July 13.
Barbadoes.
145. John Frere, Commander in Chief, Barbados, to the Council of Trade and Plantations. The Government of this place being devolved on me by the absence of Mr. Lowther, I thought it my duty herewith to transmitt to your Lordships the Minutes of Councill on the day of H.E.'s departure, etc. The inhabitants are very easy and quiett; I shall make it my study and care to keep them so etc. Signed, Jno. Frere. Endorsed, Recd. 7th Sept., 1720. Read 18th May, 1721. 1 p. With memorandum of Minutes of Council, 30th June, 1720. ¼ p. [C.O. 28, 17. ff. 86, 87v., 88.]
July 13.
London.
146. Rev. W. Gordon to the Council of Trade and Plantations. I humbly beg leave to be heard in behalf of the Gentlemen of Barbadoes against confirming a law lately made for regulating the Court of Exchequer. Signed, W. Gordon. Endorsed, Recd. Read 13th July, 1720. Addressed. 1 p. [C.O. 28, 15. No. 95.]
July 13.
Whitehall.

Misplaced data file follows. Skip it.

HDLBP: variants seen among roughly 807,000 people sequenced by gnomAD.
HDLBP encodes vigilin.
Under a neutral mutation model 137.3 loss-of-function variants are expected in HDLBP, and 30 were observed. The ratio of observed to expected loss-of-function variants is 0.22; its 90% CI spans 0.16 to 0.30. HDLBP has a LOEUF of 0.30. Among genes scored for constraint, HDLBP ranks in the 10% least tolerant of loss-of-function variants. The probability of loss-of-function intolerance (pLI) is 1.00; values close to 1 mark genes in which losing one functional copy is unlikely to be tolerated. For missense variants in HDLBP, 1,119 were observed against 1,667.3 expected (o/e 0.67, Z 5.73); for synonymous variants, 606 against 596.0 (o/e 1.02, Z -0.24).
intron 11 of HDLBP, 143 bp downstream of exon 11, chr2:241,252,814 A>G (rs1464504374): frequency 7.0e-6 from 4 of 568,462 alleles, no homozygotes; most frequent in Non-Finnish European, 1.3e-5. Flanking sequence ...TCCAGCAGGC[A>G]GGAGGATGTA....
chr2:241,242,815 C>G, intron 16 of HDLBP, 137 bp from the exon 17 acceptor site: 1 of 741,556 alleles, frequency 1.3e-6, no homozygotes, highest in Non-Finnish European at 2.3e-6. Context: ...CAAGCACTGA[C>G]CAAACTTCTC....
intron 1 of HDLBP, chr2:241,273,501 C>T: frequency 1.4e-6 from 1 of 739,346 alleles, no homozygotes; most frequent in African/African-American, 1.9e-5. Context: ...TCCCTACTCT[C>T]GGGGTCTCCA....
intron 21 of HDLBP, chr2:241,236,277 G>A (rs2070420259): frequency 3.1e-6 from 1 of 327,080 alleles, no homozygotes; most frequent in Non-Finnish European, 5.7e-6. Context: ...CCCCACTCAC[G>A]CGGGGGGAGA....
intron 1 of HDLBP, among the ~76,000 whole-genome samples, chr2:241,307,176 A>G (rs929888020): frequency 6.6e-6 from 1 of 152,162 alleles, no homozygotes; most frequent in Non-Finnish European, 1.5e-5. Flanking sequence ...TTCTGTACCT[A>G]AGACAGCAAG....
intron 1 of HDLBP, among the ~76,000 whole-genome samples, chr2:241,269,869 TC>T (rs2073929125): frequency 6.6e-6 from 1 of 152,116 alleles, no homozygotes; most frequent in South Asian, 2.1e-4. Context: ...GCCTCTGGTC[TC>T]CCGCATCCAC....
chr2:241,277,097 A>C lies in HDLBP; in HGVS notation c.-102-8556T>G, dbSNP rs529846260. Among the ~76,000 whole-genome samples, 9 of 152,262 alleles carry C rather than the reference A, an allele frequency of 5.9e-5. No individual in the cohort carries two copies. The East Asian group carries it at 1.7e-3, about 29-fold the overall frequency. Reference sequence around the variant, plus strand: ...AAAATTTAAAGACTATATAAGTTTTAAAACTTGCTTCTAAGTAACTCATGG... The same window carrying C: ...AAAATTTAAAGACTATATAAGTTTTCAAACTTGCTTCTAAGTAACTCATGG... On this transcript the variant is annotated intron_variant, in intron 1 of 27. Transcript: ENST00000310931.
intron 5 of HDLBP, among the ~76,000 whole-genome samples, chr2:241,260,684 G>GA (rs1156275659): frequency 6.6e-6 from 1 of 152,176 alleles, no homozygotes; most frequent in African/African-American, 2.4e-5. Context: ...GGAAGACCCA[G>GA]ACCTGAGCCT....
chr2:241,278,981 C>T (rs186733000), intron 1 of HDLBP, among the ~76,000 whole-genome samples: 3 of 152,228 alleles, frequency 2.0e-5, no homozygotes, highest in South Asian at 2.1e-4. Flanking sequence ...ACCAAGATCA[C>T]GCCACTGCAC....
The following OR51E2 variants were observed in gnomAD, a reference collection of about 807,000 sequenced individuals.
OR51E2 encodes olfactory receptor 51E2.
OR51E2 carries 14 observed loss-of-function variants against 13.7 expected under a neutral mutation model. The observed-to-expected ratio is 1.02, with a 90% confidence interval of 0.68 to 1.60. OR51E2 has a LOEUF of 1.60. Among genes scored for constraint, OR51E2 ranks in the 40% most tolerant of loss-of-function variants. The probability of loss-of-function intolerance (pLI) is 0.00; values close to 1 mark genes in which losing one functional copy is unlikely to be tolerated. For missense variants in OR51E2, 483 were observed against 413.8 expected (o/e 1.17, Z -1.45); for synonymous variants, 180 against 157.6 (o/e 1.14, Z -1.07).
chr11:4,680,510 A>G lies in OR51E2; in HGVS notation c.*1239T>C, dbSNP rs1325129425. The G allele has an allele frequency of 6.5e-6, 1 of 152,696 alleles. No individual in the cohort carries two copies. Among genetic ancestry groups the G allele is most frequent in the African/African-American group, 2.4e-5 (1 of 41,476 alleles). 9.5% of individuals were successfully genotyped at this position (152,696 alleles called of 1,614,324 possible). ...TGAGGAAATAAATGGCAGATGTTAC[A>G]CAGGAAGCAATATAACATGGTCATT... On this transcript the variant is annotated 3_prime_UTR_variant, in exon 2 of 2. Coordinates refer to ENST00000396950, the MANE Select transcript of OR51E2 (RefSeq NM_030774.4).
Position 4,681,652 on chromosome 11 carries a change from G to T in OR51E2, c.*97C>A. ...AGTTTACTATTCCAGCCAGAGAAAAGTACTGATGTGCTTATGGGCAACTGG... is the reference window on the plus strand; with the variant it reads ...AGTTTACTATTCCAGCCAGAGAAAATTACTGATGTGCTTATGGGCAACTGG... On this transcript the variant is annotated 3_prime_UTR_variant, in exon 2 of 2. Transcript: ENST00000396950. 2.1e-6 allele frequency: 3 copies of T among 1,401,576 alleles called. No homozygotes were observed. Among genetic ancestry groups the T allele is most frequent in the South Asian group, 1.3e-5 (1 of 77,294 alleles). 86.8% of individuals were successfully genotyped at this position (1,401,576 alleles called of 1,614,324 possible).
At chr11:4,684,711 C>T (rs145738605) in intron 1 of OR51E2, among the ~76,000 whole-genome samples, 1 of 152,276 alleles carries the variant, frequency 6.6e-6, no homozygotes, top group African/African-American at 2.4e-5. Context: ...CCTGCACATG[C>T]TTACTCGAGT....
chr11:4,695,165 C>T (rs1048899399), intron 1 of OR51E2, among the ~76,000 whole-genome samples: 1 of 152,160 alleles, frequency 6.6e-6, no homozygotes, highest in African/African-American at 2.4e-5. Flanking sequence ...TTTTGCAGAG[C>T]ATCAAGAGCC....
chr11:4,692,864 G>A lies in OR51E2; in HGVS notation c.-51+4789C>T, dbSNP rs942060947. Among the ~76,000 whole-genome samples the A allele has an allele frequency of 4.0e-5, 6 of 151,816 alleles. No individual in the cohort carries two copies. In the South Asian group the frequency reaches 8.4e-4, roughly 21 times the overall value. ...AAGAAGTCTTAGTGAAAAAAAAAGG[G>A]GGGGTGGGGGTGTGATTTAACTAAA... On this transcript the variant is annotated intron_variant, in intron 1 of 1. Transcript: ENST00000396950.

147. Council of Trade and Plantations to Lt. Governor Spotswood. Acknowledge letters of 26th May, 11th Aug. 1719, 1st Feb., and 5th May, 1720, the last of which we have answer'd by a ship that was just sailing when we receiv'd it, being unwilling to loose that opportunity of congratulating you and the Council upon your reconciliation. The abovementioned letters will not require much to be said to them, the greatest part of them being upon matters which are now to be forgot. However we must acknowledge your care in transmitting to us the several Journals, accounts and other publick papers etc. We observe what you write, 26th May, in relation to the discontinuing the salary to the Judges of the Courts of Oyer and Terminer, and making an establishment for the Judges for the tryal of pirates, but since you and the Council are now likely to live upon good terms together you may reconsider that part of your letter and let us have your second thoughts thereupon; In the mean time we presume the expence for trying of pirates will not be very great, the Courts for those tryals being only accidental and for that reason less proper to be look'd upon as establish'd Courts. We also take notice of what you write in the same letter in relation to the effects of Thach the pirate, But upon this occasion we think you ought rather to have govern'd yourself by the 56th Article of your Instructions, and kept the produce of those effects in your hands till H.M. pleasure had been known, and you would have done well if you had inform'd us into whose hands you had remitted that produce. It would seem to us that you have done your duty in suppressing the pirates on the coast of North Carolina and no complaint has hitherto been offer'd to us against you upon that account; but in case any should come before us what you have written upon this subject may then be of use. We shall be very glad to receive your answer to the queries we sent you, 26th June, 1719, with all convenient speed, and desire that you will be very particular therein. We return you our thanks for the acct. you give us of St. Augustine, 1st Feb. last, but the general Peace leaves no room for executing your proposal on that head; However since there is so large a ballance upon the acct. of the duty on liquors and slaves, we think it would be a very considerable service if that part of money (supposing the same not to be particularly appropriated) were apply'd to the extending your frontiers towards the mountains, and building forts at the heads of the rivers to protect the inhabitants; As we are very little appriz'd of the state of your out-settlements, you the Council and Assembly of Virginia will be best able to take the proper measures for your own security upon this occasion, wherein notwithstanding you will avoid giving any just cause of offence to your European neighbours, but as there are several considerable rivers that come from the mountains we desire you would let us know as soon as may be what forts or fortifications there are already built, if any upon those rivers to secure the British Colonies from the insults of the bordering Indians, or from the encroachments of your other neighbours. We have consider'd your letter to Colo. Schuyler and have given a copy of it to Mr. Burnett now going over to New York, and discours'd with Brigdr. Hunter thereupon who is of opinion (and we agree with him) that the five Nations of Indians should not be govern'd with a high hand, but led by gentle means and fair usage, considering the increase of the French power in North America, and how they make it their business to court the natives there, and Albany therefore having generally been the place appointed for treating with the five Nations where the Lord Howard and several others succeeding Governors of Virginia have met them for that purpose, we would recommend to you to wave the ceremonial provided the essential part of it can be obtained. In order to this end we are of opinion that after Mr. Burnet's arrival a time of meeting should be appointed, that you should send Commissioners from Virginia to treat with the five Nations at Albany and that these Commissioners should take along with them one or more Deputies with the belts of Wampum from each of the Indian Nations in your Govt. in order to make a firm and lasting peace with the said five Nations, and that this be done in the most solemn manner; That these Indian Deputies should describe their situation and abode as particularly as may be, that the New York Indians may avoid giving them disturbance upon any occasion whatever; If the Tuscaruros have been protected by the five Nations as you suggest, it will be reasonable that in the propos'd Treaty the said five Nations should be engaged to procure a peace between the said Tuscaruro Indians and all H.M. subjects on the Continent of America. We shall only observe that this method of treating with the Indians is more agreeable to your own sentiments in your letters of the 11th Aug. to us than to what you write in your letter to Colo. Schuyler. etc. Enclose Mr. West's report upon the two Acts mention'd 26th June, etc. [C.O. 5, 1365. pp. 216–221.]